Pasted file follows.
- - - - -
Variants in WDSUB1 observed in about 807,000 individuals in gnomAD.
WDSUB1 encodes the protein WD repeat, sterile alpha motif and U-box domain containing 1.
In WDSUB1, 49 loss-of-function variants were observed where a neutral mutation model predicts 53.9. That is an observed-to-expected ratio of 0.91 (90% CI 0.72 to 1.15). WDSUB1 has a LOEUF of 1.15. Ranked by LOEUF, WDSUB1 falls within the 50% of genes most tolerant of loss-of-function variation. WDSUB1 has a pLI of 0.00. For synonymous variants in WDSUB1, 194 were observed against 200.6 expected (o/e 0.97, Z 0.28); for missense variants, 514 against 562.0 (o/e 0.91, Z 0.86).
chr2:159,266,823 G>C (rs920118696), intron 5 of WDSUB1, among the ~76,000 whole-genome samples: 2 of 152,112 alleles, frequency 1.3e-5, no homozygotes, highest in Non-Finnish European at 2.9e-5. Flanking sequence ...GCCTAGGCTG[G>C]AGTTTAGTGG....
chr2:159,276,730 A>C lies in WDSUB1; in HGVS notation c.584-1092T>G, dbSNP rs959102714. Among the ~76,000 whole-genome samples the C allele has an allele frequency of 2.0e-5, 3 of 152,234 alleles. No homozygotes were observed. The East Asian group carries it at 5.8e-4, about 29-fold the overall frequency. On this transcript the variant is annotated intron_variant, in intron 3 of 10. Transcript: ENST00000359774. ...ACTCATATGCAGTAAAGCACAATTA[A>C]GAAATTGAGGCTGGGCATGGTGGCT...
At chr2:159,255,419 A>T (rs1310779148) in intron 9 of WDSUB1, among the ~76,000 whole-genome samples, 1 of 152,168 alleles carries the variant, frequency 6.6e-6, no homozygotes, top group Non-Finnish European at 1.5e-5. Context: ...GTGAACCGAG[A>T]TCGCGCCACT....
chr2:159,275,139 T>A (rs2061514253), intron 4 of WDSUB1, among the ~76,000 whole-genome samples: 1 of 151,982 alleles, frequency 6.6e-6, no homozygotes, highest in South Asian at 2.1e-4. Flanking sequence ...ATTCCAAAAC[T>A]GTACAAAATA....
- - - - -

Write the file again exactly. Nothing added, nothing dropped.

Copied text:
Variants in WDSUB1 observed in about 807,000 individuals in gnomAD.
WDSUB1 encodes the protein WD repeat, sterile alpha motif and U-box domain containing 1.
In WDSUB1, 49 loss-of-function variants were observed where a neutral mutation model predicts 53.9. That is an observed-to-expected ratio of 0.91 (90% CI 0.72 to 1.15). WDSUB1 has a LOEUF of 1.15. Ranked by LOEUF, WDSUB1 falls within the 50% of genes most tolerant of loss-of-function variation. WDSUB1 has a pLI of 0.00. For synonymous variants in WDSUB1, 194 were observed against 200.6 expected (o/e 0.97, Z 0.28); for missense variants, 514 against 562.0 (o/e 0.91, Z 0.86).
chr2:159,266,823 G>C (rs920118696), intron 5 of WDSUB1, among the ~76,000 whole-genome samples: 2 of 152,112 alleles, frequency 1.3e-5, no homozygotes, highest in Non-Finnish European at 2.9e-5. Flanking sequence ...GCCTAGGCTG[G>C]AGTTTAGTGG....
chr2:159,276,730 A>C lies in WDSUB1; in HGVS notation c.584-1092T>G, dbSNP rs959102714. Among the ~76,000 whole-genome samples the C allele has an allele frequency of 2.0e-5, 3 of 152,234 alleles. No homozygotes were observed. The East Asian group carries it at 5.8e-4, about 29-fold the overall frequency. On this transcript the variant is annotated intron_variant, in intron 3 of 10. Transcript: ENST00000359774. ...ACTCATATGCAGTAAAGCACAATTA[A>C]GAAATTGAGGCTGGGCATGGTGGCT...
At chr2:159,255,419 A>T (rs1310779148) in intron 9 of WDSUB1, among the ~76,000 whole-genome samples, 1 of 152,168 alleles carries the variant, frequency 6.6e-6, no homozygotes, top group Non-Finnish European at 1.5e-5. Context: ...GTGAACCGAG[A>T]TCGCGCCACT....
chr2:159,275,139 T>A (rs2061514253), intron 4 of WDSUB1, among the ~76,000 whole-genome samples: 1 of 151,982 alleles, frequency 6.6e-6, no homozygotes, highest in South Asian at 2.1e-4. Flanking sequence ...ATTCCAAAAC[T>A]GTACAAAATA....